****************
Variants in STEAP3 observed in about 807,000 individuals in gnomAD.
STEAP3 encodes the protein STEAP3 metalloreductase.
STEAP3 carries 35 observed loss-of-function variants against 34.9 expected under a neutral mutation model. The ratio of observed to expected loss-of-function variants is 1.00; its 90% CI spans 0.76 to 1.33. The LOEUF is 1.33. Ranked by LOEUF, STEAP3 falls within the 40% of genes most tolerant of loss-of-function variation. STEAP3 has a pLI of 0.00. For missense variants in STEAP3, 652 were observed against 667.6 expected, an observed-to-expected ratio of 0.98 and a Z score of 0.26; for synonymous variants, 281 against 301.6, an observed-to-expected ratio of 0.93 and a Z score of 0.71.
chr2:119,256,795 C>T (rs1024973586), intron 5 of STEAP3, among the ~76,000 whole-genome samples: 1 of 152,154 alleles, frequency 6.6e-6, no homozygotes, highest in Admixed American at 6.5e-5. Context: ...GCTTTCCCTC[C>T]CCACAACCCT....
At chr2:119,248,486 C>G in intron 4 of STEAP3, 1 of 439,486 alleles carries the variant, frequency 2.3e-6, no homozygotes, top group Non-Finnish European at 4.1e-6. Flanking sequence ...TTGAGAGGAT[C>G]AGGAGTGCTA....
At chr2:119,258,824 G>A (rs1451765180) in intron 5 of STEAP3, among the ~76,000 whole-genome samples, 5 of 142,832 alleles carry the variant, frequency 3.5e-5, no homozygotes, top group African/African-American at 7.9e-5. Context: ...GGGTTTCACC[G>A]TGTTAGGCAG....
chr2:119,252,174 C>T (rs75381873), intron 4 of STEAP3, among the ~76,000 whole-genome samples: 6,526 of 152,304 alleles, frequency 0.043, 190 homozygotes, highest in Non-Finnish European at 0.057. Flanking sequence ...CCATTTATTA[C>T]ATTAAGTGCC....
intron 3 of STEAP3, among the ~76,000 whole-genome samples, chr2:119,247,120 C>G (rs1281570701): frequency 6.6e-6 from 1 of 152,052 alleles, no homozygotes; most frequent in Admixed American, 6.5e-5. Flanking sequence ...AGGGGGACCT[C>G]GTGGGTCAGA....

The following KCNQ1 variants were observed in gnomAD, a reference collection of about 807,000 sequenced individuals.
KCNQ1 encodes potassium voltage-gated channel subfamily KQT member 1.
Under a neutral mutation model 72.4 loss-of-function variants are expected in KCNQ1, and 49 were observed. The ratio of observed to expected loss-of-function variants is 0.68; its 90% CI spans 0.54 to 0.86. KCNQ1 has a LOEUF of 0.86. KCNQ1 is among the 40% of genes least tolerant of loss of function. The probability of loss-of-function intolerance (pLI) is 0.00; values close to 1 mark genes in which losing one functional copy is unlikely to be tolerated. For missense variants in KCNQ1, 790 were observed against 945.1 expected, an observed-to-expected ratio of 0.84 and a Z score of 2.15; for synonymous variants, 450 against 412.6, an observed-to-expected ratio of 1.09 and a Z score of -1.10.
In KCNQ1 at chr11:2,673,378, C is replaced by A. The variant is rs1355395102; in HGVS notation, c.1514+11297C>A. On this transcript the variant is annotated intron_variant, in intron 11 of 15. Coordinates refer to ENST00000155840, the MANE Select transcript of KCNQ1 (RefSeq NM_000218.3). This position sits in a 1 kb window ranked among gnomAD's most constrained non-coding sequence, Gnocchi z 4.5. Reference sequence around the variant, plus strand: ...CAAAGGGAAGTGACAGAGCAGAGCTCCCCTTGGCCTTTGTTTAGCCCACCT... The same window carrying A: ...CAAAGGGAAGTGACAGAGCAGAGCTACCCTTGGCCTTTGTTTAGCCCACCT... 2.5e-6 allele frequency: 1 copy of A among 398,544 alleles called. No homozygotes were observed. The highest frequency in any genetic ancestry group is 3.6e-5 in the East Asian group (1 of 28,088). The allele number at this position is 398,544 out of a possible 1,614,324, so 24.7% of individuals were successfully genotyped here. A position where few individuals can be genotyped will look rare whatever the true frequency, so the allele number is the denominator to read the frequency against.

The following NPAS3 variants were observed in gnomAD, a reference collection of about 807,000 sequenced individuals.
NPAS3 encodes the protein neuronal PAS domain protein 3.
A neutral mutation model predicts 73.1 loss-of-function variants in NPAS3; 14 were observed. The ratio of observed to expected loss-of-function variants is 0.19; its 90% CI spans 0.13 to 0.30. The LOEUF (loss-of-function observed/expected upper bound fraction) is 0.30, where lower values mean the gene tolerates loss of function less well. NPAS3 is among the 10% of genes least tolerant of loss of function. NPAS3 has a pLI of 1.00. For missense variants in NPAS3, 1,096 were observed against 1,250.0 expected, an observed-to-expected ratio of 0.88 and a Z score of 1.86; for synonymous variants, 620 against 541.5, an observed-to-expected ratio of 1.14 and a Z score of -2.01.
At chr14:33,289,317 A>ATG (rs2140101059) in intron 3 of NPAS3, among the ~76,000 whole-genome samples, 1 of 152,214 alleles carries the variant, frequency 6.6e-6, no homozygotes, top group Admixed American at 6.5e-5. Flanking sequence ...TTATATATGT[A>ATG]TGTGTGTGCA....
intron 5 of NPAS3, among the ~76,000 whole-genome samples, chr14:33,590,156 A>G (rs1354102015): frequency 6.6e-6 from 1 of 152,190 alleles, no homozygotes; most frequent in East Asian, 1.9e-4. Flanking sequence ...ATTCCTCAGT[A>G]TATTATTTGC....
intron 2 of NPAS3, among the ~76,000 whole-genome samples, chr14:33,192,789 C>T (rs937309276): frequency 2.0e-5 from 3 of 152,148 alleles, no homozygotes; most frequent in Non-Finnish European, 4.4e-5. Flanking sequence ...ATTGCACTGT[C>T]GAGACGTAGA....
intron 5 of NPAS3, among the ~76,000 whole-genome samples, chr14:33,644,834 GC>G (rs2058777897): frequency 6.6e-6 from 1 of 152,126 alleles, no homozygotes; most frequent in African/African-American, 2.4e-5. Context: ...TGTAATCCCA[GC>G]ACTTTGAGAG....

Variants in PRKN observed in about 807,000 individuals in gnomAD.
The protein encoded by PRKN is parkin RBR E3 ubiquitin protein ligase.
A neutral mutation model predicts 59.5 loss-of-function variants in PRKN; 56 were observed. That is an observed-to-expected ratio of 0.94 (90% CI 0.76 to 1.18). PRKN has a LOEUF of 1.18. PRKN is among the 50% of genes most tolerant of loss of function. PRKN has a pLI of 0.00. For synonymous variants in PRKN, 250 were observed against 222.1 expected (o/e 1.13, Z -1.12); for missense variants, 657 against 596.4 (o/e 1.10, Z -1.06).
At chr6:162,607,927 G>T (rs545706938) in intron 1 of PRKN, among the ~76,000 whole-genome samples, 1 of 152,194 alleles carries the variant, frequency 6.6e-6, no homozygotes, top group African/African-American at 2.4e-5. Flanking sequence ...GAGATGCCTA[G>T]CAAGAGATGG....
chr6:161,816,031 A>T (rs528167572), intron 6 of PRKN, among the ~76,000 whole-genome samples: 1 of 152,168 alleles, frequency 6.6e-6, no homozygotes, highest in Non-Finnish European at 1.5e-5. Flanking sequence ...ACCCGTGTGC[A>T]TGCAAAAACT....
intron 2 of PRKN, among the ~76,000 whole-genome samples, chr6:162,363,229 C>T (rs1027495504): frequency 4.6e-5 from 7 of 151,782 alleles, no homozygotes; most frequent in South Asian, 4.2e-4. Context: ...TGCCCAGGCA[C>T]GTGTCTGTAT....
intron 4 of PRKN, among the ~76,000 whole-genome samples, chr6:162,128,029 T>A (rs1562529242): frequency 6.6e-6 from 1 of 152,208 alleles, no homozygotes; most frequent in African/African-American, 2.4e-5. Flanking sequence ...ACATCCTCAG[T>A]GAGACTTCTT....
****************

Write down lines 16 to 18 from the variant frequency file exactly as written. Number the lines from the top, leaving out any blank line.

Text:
At chr14:33,289,317 A>ATG (rs2140101059) in intron 3 of NPAS3, among the ~76,000 whole-genome samples, 1 of 152,214 alleles carries the variant, frequency 6.6e-6, no homozygotes, top group Admixed American at 6.5e-5. Flanking sequence ...TTATATATGT[A>ATG]TGTGTGTGCA....
intron 5 of NPAS3, among the ~76,000 whole-genome samples, chr14:33,590,156 A>G (rs1354102015): frequency 6.6e-6 from 1 of 152,190 alleles, no homozygotes; most frequent in East Asian, 1.9e-4. Flanking sequence ...ATTCCTCAGT[A>G]TATTATTTGC....
intron 2 of NPAS3, among the ~76,000 whole-genome samples, chr14:33,192,789 C>T (rs937309276): frequency 2.0e-5 from 3 of 152,148 alleles, no homozygotes; most frequent in Non-Finnish European, 4.4e-5. Flanking sequence ...ATTGCACTGT[C>T]GAGACGTAGA....